Secret files reveal drunken meeting between Stalin and Churchill, a cross-dressing spy and King Edward VIII's phone bug.
The wartime leader will become the first politician of the modern era to feature on a banknote.
A brief history of the military and political life of Sir Winston Leonard Spencer Churchill.
The Who's Roger Daltrey performed Stand by Me to a gathering of Senate and House leaders today as Washington honoured Winston Churchill.
The British star was chosen to sing at the unveiling of a bust of the wartime British Prime Minister, which will now stand in the Capitol as a testament to the strength of the relationship between the US and the UK.
The Ministry of Defence (MoD) has announced it is to sell the Old War Office building in Whitehall.
It is hoped moving MoD staff in to a single main building will save £8 million a year.
Defence Secretary Philip Hammond said: “As a result of our work to make the MOD leaner, more professional and more efficient, we are able to concentrate Defence officials in London in a single building and sell the Old War Office.”
The Old Ward Office was built in 1902 and played a crucial role in the major conflicts of the 20th century and housed numerous Secretaries of State, including Sir Winston Churchill.
Earlier this month the MoD put an old Tube station up for sale.
The new Bank of England Governor has said he is to review the lack of female faces on the back of banknotes after his predecessor's decision to replace the only woman, 19th century prison reformer Elizabeth Fry, on the £5 note with that of Sir Winston Churchill.
Replying to a letter from Mary Macleod, the Conservative MP and chair of the all-party group of women in Parliament, Mark Carney said he "fully understood the concern that has been raised by you, and many others, about the potential absence of a female character."
He added: "I believe that our notes should celebrate the diversity of great British historical figures and their contributions in a wide range of fields."
Mr Carney, who succeeded Lord King two days ago, revealed it will be discussed at the next BoE meeting on 17th July, with a public announcement on the issue before the end of the month.
Edward VIII was bugged by the government during his final days as King, according to official files made public.
Home Secretary Sir John Simon instructed the General Post Office to secretly record the King's telephone calls during the 1936 abdication crisis, papers held in the Cabinet Office for more than seven decades showed.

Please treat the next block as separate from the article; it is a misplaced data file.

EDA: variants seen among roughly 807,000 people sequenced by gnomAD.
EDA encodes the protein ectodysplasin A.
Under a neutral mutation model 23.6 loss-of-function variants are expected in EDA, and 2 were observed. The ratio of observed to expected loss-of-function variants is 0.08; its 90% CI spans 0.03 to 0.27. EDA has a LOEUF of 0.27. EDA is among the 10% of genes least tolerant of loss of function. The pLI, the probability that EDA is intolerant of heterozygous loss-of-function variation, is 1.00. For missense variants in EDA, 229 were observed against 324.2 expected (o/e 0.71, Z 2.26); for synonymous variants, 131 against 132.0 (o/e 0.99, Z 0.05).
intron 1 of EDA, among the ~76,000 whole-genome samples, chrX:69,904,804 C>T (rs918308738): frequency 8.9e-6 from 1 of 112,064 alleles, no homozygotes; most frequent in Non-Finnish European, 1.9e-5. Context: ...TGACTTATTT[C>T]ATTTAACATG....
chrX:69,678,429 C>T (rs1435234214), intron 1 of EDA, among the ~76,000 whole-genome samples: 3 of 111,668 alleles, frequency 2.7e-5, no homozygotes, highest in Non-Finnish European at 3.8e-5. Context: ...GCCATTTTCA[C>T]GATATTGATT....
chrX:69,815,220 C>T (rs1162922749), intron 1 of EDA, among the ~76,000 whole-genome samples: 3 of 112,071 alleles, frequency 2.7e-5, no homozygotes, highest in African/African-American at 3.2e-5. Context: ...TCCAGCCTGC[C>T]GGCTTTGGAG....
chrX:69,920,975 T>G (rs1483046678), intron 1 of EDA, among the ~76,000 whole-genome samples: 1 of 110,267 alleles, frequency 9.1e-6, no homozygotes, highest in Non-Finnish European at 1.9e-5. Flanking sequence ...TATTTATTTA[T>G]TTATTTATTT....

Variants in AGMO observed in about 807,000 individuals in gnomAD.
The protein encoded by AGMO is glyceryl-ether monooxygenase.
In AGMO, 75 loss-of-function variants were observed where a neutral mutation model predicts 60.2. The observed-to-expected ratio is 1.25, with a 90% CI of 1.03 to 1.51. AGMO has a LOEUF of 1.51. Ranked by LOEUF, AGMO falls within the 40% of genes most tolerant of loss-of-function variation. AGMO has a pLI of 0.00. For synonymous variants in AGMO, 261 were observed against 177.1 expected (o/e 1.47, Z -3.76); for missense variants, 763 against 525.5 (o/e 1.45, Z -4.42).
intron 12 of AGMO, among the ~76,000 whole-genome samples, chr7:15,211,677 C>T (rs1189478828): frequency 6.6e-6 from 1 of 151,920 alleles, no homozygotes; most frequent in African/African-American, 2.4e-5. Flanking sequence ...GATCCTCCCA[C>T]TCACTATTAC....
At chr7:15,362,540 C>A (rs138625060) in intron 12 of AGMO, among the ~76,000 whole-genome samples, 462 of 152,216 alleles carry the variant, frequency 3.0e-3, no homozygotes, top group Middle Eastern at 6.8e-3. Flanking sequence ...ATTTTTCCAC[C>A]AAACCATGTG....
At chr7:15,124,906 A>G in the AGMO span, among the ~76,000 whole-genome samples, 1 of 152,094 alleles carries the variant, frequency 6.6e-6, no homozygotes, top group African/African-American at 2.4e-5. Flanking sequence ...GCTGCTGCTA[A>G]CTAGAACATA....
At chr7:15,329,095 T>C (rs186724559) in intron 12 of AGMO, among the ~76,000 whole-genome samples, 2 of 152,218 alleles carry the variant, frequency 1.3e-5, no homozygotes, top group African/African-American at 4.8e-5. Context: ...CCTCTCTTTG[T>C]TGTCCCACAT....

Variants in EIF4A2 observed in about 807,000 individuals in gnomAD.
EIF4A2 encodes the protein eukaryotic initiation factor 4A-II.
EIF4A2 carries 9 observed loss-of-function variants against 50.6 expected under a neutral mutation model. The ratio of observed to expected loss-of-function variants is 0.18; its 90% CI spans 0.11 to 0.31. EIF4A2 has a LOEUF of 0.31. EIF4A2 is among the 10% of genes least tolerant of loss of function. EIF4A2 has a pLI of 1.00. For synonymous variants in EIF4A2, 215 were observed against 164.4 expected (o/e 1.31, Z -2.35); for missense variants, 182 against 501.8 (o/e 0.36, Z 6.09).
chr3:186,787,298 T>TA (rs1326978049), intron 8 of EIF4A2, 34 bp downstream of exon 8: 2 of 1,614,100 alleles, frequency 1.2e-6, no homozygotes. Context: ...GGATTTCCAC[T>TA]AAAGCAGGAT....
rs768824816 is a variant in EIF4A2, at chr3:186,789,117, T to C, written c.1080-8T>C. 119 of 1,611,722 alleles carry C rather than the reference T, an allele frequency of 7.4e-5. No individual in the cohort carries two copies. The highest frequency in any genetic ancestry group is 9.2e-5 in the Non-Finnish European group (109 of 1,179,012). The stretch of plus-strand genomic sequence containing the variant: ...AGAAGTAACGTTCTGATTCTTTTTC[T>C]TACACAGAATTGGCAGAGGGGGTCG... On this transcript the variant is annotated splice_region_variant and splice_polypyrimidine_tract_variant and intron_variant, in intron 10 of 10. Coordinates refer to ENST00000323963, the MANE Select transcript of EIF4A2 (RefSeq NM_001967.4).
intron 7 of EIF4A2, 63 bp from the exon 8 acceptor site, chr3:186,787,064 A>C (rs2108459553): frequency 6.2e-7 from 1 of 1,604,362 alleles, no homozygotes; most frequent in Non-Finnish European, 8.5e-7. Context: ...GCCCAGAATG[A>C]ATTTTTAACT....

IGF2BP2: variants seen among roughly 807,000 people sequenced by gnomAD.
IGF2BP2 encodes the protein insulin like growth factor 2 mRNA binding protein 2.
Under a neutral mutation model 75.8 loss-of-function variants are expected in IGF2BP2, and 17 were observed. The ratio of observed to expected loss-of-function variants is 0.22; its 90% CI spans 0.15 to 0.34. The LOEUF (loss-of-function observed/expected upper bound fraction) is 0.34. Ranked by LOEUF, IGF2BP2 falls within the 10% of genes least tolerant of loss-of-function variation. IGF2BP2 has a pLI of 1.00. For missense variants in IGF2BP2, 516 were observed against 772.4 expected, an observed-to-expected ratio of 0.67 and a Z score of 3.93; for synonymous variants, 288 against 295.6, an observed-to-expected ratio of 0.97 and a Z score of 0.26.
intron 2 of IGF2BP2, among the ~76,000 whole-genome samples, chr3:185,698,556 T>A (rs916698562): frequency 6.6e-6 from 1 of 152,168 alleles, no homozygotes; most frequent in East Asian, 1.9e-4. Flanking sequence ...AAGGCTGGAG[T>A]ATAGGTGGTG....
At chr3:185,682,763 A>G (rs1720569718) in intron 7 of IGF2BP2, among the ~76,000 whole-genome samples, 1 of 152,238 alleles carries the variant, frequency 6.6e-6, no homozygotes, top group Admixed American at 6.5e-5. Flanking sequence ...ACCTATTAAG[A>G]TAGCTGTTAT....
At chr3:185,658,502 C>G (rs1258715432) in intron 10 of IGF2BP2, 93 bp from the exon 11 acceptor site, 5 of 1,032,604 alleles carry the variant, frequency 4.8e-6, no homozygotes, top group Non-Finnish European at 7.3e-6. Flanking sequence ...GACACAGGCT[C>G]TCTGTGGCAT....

Wallis Simpson, the King's divorced American mistress, was in France while calls between royal residences and "the continent of Europe" were recorded.
In November 1936, Edward, who had yet to be crowned, told Prime Minister Stanley Baldwin he intended to marry Mrs Simpson. At that time the Church would not remarry a divorcee when their previous partner was still alive.
The King had hoped to survive the crisis but on December 10 1936 he signed the instruments of abdication ending a reign that lasted only 326 days.
Executive Director, Banking & Chief Cashier Chris Salmon discusses why the Bank chose Winston Churchill.
He said: “The Bank is privileged to be able to celebrate the significant and enduring contribution Sir Winston Churchill made to the United Kingdom, and beyond.”
– Sir Mervyn King, Governor of the Bank of England
Our banknotes acknowledge the life and work of great Britons. Sir Winston Churchill was a truly great British leader, orator and writer. Above that, he remains a hero of the entire free world. His energy, courage, eloquence, wit and public service are an inspiration to us all. I am proud to announce that he will appear on our next banknote.
The Bank of England has announced plans to put Sir Winston Churchill on the next bank note.
Sir Winston will appear on the reverse of the new £5 note which is expected to start printing in 2016.
The note is expected to feature a portrait of Winston Churchill from a photograph taken in Ottawa by Yousuf Karsh in 1941.
A view of Westminster and the Elizabeth Tower from the South Bank looking across Westminster Bridge.
The image of the Elizabeth Tower with the hands of the Great Clock at 3 o’clock – the approximate time on 13 May 1940 when Sir Winston Churchill declared in a speech to the House of Commons: “I have nothing to offer but blood, toil, tears and sweat.” This declaration is quoted beneath the portrait.
A background image of the Nobel Prize medal which he was awarded in 1953 for literature, together with the wording of the prize citation.